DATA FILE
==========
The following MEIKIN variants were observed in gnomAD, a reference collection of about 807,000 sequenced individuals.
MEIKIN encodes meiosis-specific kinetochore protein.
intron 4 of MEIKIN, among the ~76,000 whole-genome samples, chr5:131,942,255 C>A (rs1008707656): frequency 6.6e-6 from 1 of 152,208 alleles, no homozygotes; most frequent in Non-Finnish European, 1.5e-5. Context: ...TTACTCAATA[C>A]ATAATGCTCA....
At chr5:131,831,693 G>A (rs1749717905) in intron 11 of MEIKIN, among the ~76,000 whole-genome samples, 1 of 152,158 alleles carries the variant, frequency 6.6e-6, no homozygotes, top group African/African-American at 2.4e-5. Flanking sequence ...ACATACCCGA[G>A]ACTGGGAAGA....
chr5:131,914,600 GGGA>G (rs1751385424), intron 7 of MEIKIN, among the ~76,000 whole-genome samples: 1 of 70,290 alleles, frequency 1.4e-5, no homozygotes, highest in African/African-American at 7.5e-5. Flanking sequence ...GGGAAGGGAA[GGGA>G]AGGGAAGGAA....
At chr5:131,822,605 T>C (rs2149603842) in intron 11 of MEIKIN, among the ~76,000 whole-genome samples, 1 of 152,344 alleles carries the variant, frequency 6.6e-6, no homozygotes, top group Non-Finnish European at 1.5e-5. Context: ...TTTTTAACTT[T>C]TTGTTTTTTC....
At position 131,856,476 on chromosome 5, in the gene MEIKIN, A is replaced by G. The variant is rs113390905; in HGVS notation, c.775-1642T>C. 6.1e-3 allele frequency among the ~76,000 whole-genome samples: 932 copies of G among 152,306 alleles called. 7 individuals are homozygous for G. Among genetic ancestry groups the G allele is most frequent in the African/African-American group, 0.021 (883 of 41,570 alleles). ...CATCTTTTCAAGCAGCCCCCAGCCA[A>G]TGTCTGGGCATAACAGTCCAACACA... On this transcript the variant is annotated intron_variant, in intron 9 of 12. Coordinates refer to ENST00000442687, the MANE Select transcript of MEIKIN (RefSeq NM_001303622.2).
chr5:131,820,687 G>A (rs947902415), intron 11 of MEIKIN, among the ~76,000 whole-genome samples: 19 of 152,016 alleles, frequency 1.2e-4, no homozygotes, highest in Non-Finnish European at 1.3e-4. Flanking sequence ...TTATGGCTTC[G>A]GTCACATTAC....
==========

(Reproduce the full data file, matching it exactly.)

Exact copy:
The following MEIKIN variants were observed in gnomAD, a reference collection of about 807,000 sequenced individuals.
MEIKIN encodes meiosis-specific kinetochore protein.
intron 4 of MEIKIN, among the ~76,000 whole-genome samples, chr5:131,942,255 C>A (rs1008707656): frequency 6.6e-6 from 1 of 152,208 alleles, no homozygotes; most frequent in Non-Finnish European, 1.5e-5. Context: ...TTACTCAATA[C>A]ATAATGCTCA....
At chr5:131,831,693 G>A (rs1749717905) in intron 11 of MEIKIN, among the ~76,000 whole-genome samples, 1 of 152,158 alleles carries the variant, frequency 6.6e-6, no homozygotes, top group African/African-American at 2.4e-5. Flanking sequence ...ACATACCCGA[G>A]ACTGGGAAGA....
chr5:131,914,600 GGGA>G (rs1751385424), intron 7 of MEIKIN, among the ~76,000 whole-genome samples: 1 of 70,290 alleles, frequency 1.4e-5, no homozygotes, highest in African/African-American at 7.5e-5. Flanking sequence ...GGGAAGGGAA[GGGA>G]AGGGAAGGAA....
At chr5:131,822,605 T>C (rs2149603842) in intron 11 of MEIKIN, among the ~76,000 whole-genome samples, 1 of 152,344 alleles carries the variant, frequency 6.6e-6, no homozygotes, top group Non-Finnish European at 1.5e-5. Context: ...TTTTTAACTT[T>C]TTGTTTTTTC....
At position 131,856,476 on chromosome 5, in the gene MEIKIN, A is replaced by G. The variant is rs113390905; in HGVS notation, c.775-1642T>C. 6.1e-3 allele frequency among the ~76,000 whole-genome samples: 932 copies of G among 152,306 alleles called. 7 individuals are homozygous for G. Among genetic ancestry groups the G allele is most frequent in the African/African-American group, 0.021 (883 of 41,570 alleles). ...CATCTTTTCAAGCAGCCCCCAGCCA[A>G]TGTCTGGGCATAACAGTCCAACACA... On this transcript the variant is annotated intron_variant, in intron 9 of 12. Coordinates refer to ENST00000442687, the MANE Select transcript of MEIKIN (RefSeq NM_001303622.2).
chr5:131,820,687 G>A (rs947902415), intron 11 of MEIKIN, among the ~76,000 whole-genome samples: 19 of 152,016 alleles, frequency 1.2e-4, no homozygotes, highest in Non-Finnish European at 1.3e-4. Flanking sequence ...TTATGGCTTC[G>A]GTCACATTAC....